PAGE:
A Conversation with Robert Jensen

By Becky Garrison 8-05-2009

allmybonesshakeRobert Jensen is an associate professor at the University of Texas at Austin School of Journalism and author of the personal memoir All My Bones Shake: Seeking a Progressive Path to the Prophetic Voice, a compelling memoir that highlights the religious debate currently raging in the United States. I had the chance to contact Dr. Jensen to discuss some of the themes he raised in his book.

What prompted you to write All My Bones Shake: Seeking a Progressive Path to the Prophetic Voice?

After many years of working in secular left/feminist political movements, during which I had always avoided religion, I met a radical minister in Austin, Jim Rigby, and started talking with him about progressive approaches to Christianity and religion. The more we talked, and the more we organized political events at the church, the more I started thinking about religion in new ways. I realized that my distaste for a religion had led me to ignore approaches to theology that would resonate with me. Those experiences led me to write the book, on the assumption that others are searching in similar ways.

How did your interest in politics motivate you to join St. Andrew's Presbyterian Church?

My initial interest was primarily political, part of a more general search for spaces in which people could come together to think about radical politics in a world structured by such profound inequality. I found St. Andrew's hospitable to that project, but I also realized that it was more than a place to organize political events.

When people call you a "Christian" how do you respond?

A lot of people want to know whether I'm a "real" Christian or not. By that, they want to know whether I hold supernatural beliefs (believing in the idea that God is an actual being, entity, or force; and believing that the resurrection of Christ was an actual historical event). Since I don't hold supernatural beliefs, and I approach Christianity as a belief system that makes use of myth, symbolism, and poetry, there's sometimes a lively discussion about whether I should call myself a Christian. For me, the point is not so much to answer the question as to start a discussion about what people believe and the consequences of belief for action in the world.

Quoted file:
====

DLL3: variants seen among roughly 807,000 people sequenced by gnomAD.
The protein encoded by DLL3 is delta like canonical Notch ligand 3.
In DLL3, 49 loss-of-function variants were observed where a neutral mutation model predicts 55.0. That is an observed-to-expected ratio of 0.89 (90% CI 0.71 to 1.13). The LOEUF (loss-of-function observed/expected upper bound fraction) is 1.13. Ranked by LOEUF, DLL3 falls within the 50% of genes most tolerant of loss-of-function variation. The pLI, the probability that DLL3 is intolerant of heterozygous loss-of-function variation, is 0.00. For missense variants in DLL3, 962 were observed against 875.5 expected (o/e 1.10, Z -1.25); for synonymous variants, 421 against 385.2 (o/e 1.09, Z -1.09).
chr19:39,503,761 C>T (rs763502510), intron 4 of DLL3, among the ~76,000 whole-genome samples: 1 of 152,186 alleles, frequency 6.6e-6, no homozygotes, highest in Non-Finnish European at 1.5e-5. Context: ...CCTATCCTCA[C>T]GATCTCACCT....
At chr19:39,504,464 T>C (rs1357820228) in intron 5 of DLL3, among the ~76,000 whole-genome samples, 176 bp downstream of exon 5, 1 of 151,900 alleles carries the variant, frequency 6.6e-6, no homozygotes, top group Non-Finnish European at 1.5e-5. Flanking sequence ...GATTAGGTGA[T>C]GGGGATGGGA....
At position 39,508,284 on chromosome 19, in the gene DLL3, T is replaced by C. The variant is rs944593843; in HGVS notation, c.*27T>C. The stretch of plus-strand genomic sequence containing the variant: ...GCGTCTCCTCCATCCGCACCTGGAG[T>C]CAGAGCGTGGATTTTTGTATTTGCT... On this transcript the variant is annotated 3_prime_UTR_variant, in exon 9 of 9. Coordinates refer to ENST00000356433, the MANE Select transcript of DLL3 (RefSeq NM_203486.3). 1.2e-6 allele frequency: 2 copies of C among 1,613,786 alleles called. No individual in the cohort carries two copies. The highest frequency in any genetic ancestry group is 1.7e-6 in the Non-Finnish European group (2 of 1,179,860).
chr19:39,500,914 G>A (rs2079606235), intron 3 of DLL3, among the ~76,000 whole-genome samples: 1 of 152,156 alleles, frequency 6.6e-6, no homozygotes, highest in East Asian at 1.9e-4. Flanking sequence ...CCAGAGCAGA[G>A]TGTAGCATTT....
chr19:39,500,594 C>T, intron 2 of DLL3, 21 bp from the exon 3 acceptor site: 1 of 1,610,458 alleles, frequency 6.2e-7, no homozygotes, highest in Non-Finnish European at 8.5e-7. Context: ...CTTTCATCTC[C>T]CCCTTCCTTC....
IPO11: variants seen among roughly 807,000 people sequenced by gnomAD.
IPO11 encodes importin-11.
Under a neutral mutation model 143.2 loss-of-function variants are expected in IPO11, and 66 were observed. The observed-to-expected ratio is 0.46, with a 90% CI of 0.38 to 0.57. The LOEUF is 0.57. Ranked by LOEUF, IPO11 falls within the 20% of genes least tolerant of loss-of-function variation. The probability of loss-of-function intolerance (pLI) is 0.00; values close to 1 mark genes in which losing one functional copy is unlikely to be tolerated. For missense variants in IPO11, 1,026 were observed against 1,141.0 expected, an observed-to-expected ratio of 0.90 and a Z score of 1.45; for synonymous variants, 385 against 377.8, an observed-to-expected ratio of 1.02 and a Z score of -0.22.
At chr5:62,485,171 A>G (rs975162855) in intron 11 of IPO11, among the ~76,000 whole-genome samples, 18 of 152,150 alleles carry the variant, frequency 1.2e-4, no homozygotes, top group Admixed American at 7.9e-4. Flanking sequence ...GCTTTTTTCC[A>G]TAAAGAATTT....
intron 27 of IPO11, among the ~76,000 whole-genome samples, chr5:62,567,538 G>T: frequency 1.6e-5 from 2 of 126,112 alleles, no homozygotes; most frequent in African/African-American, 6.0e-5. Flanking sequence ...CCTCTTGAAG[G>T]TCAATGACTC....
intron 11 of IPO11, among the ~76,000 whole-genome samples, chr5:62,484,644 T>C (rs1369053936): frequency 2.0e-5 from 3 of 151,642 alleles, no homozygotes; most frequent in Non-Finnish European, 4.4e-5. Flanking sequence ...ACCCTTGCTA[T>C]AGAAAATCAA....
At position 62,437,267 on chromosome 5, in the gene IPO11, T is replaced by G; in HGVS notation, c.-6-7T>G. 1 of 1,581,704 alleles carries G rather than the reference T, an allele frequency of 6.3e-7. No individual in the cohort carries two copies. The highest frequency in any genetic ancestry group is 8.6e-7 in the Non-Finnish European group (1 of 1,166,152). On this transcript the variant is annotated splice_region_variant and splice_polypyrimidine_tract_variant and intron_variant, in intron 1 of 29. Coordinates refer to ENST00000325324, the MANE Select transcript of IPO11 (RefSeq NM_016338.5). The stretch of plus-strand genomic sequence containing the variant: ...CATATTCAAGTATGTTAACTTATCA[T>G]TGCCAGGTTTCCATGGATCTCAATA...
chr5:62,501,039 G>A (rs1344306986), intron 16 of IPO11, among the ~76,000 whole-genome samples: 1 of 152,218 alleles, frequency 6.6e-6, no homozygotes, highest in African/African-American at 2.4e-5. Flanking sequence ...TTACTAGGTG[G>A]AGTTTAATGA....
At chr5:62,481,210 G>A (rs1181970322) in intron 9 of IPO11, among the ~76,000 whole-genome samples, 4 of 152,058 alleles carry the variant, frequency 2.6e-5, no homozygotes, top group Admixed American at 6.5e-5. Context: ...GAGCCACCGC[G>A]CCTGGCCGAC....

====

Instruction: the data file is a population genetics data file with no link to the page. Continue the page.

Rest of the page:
What draws you to keep coming back to church?

St. Andrew's remains a place where I work politically, but it's also become much more. The text and tradition are a rich source of wisdom, and I find church to be a place where I learn a lot, from Rev. Rigby and from other members of the congregation. Instead of a place where I come only to influence others, it's a place I come to be educated. I also find it a comforting space, both in the ways I am part of a community and I can be alone. For me, church is both a place to connect to others and to find solitude.

In your book All My Bones Shake, you stated "These are end times, of a sort. I am not talking about rapture and tribulation, but about rupture and triangulation." Can you elaborate what you meant by this statement?

I think more and more people recognize that we live in an unsustainable system in ecological terms. We can't continue to draw down the ecological capital of the planet indefinitely -- we have created a rupture with the larger living world. That's not an apocalyptic vision, a claim about the rapture, but a recognition of reality. To make sense of it we have to triangulate, to ponder the problems from many perspectives, rather than sink into a narrow interpretation of one tradition. If religion is to be of value in helping us deal with these multiple crises, we have to overcome the fear-driven interpretations so common in conservative/fundamentalist Christianity. But I think we should recognize that we live in a crazy system, and a fear of what's ahead is real and reasonable.

Can you unpack what you mean by the statement, "[O]ur only hope is that there is no God, and more than ever we need to serve the One True Gods?"

As a tribal species, we humans are rooted in community, a relatively small group. That's most of our history as a species. At the same time we now recognize ourselves as one human family on the planet. To me, those are our "gods" in a sense -- the commitment to people we love up close, and the commitment to universal values that apply to every single person on the planet. Yet in this world, we are pushed to declare loyalty to the nation and the corporation, which in these terms are false gods. We have to develop a theology and politics that allow us to reject the false gods and nurture our commitment to those one true Gods.

How do you feel Christians can be a prophetic voice in the public sphere?

In my understanding, the call to speak in the prophetic voice is the call to critical self-reflection and honesty. We have an obligation to look critically at ourselves and the systems in which we live, and then speak honestly, even when there are risks. To do that, we need not speak with arrogance or in narrow sectarian terms. We can speak of the universal values that animate all moral and theological systems and hold ourselves and our society accountable.

portrait-becky-garrisonBecky Garrison is featured in the documentaries The Ordinary Radicals and Nailin' it to the Church.

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